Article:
The mother dog licks the puppies’ arses.
They all crowd in together nudging for teats.
Later they will roll and play. They’ll bite each other
and lick the insides of each other’s mouths.
They will curl up together to sleep. When they are older they will
do all that, and more, with completely unrelated dogs.
I will tell my grandchildren that there was a time
when complete strangers would shake each other’s hands,
how friends would hug and greet with a kiss, sometimes on the lips.
The grandchildren will look at me as if I was mad.
‘Granny’s off again,’ they’ll think.
Of course, they also won’t believe me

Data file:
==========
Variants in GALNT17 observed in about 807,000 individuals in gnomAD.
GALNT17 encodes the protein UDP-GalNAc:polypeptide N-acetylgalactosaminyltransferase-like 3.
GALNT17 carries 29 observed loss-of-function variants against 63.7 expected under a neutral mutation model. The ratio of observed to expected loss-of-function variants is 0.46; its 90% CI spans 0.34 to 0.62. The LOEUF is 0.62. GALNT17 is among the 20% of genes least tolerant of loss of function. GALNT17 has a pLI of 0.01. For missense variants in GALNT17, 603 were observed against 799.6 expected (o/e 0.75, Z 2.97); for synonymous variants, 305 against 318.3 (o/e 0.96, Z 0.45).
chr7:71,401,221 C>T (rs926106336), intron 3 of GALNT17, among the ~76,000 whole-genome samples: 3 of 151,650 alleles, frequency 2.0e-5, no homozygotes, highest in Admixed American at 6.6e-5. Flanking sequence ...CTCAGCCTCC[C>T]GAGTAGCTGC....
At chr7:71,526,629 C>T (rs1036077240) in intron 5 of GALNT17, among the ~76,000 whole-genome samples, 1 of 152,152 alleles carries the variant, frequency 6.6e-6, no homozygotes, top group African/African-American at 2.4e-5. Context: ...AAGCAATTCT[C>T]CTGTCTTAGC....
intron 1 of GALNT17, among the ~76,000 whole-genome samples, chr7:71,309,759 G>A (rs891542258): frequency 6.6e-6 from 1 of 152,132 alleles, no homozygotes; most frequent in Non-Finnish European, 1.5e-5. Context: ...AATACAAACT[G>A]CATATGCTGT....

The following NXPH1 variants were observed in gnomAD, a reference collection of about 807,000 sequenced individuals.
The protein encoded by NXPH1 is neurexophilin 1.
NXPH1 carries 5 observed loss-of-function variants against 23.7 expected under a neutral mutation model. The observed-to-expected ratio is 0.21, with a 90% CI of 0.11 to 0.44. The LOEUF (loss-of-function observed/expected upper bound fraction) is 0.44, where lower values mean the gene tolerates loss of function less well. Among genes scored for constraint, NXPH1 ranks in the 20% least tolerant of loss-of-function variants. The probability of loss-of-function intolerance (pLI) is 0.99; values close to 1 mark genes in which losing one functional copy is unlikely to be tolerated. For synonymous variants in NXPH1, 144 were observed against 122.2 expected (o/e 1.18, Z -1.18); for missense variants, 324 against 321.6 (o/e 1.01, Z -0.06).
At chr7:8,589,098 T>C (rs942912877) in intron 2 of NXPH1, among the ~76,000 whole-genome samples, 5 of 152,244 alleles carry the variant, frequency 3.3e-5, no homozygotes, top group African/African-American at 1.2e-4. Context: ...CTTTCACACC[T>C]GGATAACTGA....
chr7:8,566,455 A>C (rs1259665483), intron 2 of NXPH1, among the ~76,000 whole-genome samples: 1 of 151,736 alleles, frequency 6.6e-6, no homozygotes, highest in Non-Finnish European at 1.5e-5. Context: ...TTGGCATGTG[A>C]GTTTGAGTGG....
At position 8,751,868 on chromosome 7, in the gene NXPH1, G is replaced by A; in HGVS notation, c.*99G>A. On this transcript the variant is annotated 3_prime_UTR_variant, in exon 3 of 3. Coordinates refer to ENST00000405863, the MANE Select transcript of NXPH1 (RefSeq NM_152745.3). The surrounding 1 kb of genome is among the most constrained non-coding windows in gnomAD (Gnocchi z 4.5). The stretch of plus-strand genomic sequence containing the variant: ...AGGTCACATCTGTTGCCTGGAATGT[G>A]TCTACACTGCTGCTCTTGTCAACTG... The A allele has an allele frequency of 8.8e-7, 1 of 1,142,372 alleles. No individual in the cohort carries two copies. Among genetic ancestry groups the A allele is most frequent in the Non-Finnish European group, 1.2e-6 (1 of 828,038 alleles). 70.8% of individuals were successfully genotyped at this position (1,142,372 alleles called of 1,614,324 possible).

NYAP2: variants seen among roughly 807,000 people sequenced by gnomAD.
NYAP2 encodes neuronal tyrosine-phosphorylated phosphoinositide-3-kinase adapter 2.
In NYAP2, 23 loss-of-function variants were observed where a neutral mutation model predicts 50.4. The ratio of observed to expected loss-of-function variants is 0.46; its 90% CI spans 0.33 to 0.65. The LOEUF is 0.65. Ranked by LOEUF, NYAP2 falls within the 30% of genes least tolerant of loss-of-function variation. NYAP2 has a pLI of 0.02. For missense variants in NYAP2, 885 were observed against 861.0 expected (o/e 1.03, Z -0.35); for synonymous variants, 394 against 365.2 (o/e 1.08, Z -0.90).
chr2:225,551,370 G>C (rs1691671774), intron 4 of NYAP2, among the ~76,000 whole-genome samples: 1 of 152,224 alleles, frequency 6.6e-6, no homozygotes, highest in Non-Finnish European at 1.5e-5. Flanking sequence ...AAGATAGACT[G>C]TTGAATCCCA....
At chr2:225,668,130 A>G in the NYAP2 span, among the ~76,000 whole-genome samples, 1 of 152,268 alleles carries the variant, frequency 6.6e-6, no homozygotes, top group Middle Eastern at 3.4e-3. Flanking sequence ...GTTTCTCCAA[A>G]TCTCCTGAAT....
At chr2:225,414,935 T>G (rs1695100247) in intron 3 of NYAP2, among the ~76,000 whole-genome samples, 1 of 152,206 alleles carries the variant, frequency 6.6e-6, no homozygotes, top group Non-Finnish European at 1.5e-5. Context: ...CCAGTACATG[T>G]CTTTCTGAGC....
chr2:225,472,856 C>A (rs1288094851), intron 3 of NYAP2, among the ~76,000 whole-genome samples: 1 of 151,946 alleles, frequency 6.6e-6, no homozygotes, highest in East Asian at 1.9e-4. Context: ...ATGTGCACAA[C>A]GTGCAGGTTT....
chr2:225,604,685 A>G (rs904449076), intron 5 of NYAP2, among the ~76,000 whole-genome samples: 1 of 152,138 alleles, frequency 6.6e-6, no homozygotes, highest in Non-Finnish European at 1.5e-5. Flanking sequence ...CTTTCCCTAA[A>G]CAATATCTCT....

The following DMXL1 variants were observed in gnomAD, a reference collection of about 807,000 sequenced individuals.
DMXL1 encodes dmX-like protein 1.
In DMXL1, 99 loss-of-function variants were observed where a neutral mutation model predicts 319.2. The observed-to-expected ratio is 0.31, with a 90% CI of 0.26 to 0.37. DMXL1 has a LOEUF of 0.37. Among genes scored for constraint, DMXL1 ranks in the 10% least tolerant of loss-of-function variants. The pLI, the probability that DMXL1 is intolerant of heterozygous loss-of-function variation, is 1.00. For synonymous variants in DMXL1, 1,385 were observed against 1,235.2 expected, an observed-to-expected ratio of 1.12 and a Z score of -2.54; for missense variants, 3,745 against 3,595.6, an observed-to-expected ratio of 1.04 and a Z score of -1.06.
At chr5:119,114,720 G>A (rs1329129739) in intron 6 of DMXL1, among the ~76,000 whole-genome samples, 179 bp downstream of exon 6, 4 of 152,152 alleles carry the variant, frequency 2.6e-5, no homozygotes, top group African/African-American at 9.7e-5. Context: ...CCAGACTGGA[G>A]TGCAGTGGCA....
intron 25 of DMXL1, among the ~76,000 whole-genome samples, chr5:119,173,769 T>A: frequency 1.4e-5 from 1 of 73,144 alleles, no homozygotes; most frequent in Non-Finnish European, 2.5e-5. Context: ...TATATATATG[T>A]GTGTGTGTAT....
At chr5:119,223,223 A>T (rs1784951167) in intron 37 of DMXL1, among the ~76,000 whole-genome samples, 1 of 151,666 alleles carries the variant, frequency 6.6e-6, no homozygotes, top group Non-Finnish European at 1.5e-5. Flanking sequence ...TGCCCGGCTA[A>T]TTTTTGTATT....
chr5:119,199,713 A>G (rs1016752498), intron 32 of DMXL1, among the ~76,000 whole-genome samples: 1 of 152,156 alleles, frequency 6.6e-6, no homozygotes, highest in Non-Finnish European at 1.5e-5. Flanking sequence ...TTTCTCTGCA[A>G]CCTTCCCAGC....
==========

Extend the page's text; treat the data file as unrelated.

when I say we had homes for old people.
‘What do you mean?’ they’ll say, and I’ll tell them
how for a few generations it wasn’t unusual
to live past eighty, and they will look at me as if I am mad.
They won’t believe that when sports people won a game
they threw themselves on each other in glee.
I wonder if they’ll understand glee.
I’ll tell them how people were so careless that
there were islands of plastic floating in the oceans,
how we were so wasteful that we bought more food
than we could eat, that we threw out clothes
after only wearing them a few times.
‘Some people had whole rooms with
nothing else in them but shoes.’ I’ll say.
They won’t believe me, but even while they think I’m mad,
they’ll say, ‘I’m glad I can hug you, Granny,’
and we’ll hug and watch the mother dog lick
the puppies’ faces after she is finished licking up their shit.